China rejects Philippines claims over Scarborough

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Thursday, April 19, 2012

MANILA -- China said Wednesday that the Philippines is violating maritime law by claiming a shoal in the South China Sea and dismissed Manila's request to take the dispute to an international court.

"We believe it runs counter to historical facts and violates the law," said Liu Weimin, a spokesman for the Foreign Ministry.

Philippine Navy and Chinese maritime patrol vessels engaged in a standoff last week over a fishing incident near the Scarborough shoal in the South China Sea, an area both sides claim as sovereign territory.


Liu said China had "lodged solemn representations" with the Philippines and that Fu Ying, a vice foreign minister, had called in the Philippine envoy on Wednesday over the issue.

The Philippines plans to seek resolution in an international court, arguing that the shoal is well within the country's 370-kilometer (230-mile) exclusive economic zone that is recognized under the UN Convention on the Law of the Sea.

But Liu said the Philippines is violating international law by using the UN convention to call into question sovereignty over the territory, known as Huangyan island in Chinese.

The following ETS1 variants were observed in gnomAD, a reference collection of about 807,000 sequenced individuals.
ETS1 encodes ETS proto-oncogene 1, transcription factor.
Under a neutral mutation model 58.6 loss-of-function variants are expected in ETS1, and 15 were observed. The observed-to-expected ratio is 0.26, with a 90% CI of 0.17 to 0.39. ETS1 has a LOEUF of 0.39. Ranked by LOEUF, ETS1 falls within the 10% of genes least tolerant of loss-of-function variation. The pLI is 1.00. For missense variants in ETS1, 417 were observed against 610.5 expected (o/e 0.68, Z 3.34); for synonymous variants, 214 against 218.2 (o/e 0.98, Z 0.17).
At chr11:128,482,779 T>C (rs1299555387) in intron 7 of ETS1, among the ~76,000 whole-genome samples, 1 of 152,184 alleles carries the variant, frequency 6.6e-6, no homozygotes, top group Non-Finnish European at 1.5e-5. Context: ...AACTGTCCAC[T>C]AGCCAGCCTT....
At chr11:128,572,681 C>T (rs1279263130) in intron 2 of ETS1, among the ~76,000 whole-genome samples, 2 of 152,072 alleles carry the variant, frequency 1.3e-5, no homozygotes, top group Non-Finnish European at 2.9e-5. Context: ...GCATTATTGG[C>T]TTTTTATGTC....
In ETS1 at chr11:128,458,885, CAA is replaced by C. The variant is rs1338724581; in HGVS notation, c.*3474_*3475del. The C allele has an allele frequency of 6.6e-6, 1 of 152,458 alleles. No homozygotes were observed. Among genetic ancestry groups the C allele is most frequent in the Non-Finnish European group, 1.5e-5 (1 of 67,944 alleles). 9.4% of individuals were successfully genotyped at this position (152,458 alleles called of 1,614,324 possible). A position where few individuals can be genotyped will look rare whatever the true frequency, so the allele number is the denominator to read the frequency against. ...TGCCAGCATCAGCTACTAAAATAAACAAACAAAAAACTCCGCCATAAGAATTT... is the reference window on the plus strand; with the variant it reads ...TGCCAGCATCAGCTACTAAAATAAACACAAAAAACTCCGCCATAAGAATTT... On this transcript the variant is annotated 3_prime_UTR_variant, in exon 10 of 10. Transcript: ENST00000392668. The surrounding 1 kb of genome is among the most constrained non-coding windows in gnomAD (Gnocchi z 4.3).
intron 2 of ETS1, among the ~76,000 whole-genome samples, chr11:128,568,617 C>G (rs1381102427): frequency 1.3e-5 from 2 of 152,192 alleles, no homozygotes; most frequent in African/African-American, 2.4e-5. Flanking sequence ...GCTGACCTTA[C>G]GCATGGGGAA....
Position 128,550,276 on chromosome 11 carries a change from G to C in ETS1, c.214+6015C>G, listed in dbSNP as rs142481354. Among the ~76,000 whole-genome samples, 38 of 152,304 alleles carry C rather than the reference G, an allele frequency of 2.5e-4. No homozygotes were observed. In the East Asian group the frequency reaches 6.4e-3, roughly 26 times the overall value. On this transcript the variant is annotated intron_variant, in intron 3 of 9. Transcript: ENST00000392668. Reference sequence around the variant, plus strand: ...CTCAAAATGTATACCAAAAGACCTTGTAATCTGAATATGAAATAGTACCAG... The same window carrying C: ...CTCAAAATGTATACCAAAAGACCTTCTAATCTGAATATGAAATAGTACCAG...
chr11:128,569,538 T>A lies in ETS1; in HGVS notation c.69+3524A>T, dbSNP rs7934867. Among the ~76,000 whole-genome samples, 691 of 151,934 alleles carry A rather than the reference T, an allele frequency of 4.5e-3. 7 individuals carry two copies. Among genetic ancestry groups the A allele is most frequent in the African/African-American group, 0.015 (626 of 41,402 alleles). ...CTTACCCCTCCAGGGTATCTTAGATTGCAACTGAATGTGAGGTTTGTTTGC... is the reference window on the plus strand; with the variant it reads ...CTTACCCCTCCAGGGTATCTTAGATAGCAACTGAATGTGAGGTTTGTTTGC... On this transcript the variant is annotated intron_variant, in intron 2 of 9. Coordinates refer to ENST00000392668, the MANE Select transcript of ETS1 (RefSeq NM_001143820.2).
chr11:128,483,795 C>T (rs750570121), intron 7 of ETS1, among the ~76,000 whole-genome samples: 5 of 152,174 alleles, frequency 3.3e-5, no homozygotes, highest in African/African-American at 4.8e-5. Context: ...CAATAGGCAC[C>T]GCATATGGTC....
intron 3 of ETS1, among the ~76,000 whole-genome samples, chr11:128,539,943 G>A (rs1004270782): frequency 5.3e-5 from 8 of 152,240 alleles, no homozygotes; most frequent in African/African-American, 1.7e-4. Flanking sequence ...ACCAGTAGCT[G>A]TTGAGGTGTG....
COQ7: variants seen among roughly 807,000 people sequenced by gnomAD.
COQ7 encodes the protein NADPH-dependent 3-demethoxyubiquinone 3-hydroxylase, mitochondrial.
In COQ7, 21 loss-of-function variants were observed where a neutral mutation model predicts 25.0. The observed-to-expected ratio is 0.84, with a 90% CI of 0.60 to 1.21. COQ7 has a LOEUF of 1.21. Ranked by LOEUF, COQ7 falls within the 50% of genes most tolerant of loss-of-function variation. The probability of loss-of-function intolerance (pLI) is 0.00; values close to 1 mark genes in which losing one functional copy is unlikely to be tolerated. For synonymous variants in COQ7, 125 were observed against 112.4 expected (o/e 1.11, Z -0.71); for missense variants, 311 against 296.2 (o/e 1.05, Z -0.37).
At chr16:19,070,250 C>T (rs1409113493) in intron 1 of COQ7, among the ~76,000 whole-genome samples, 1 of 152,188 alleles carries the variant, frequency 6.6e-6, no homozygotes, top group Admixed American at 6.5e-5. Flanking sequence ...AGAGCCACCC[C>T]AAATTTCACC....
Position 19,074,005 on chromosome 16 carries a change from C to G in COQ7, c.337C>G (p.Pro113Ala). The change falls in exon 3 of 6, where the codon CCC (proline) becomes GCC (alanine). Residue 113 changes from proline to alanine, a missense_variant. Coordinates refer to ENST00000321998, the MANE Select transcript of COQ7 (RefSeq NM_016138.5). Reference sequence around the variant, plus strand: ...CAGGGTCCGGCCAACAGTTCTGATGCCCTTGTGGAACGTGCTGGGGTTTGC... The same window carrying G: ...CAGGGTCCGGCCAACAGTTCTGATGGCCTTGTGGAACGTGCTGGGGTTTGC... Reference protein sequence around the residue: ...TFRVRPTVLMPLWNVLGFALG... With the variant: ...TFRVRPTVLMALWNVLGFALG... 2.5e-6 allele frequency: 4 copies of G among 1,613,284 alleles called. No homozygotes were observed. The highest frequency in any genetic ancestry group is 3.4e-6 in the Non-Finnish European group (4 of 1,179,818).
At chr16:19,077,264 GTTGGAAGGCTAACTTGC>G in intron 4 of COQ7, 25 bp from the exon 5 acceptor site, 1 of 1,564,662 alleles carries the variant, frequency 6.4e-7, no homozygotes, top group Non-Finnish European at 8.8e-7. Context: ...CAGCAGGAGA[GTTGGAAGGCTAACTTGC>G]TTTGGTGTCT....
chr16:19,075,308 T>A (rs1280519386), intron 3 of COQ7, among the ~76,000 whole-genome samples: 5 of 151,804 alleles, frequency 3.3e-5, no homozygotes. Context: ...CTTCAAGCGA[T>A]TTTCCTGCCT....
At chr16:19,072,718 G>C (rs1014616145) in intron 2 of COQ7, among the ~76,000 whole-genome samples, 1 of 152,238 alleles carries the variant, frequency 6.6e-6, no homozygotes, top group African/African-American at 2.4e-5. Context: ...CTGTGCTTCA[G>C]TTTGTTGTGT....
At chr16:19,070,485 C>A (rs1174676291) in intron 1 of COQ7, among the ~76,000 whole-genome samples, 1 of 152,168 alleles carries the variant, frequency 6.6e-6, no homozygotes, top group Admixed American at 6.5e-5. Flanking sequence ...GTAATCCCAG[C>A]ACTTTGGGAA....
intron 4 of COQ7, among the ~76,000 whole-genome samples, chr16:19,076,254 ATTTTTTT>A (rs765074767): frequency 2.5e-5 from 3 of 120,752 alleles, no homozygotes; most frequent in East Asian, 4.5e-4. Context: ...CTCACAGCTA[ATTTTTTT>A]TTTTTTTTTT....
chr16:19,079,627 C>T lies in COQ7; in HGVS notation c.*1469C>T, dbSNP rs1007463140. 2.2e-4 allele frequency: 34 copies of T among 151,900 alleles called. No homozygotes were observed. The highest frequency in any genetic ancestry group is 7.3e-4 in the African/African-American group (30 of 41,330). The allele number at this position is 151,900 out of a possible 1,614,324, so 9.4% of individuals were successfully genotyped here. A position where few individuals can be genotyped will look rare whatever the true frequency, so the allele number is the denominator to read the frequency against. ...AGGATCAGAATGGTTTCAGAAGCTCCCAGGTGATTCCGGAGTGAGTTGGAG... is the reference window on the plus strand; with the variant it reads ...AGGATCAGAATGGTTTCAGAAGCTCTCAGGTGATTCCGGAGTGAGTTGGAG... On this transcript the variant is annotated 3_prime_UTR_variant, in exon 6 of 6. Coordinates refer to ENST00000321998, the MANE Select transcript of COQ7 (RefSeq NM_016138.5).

"China has sufficient legal evidence for its jurisdiction over the Huangyan island. China was the earliest to discover and name the island, and has included it on maps and exercised its sovereignty over it ever since," Liu said.

He added that the Philippines never objected to China's territorial control of the shoal before 1997 and that its claim now is "completely baseless."

A Philippine government statement on Wednesday, however, contradicted Liu's remarks, saying it has effectively occupied and exercised jurisdiction over the shoal -- which it calls Bajo de Masinloc, or Panatag shoal -- for decades.

A map published in 1734 showed the shoal was part of the northwestern Philippine province of Zambales, the government said, adding that a Philippine flag and lighthouse were erected on Scarborough islets in 1965.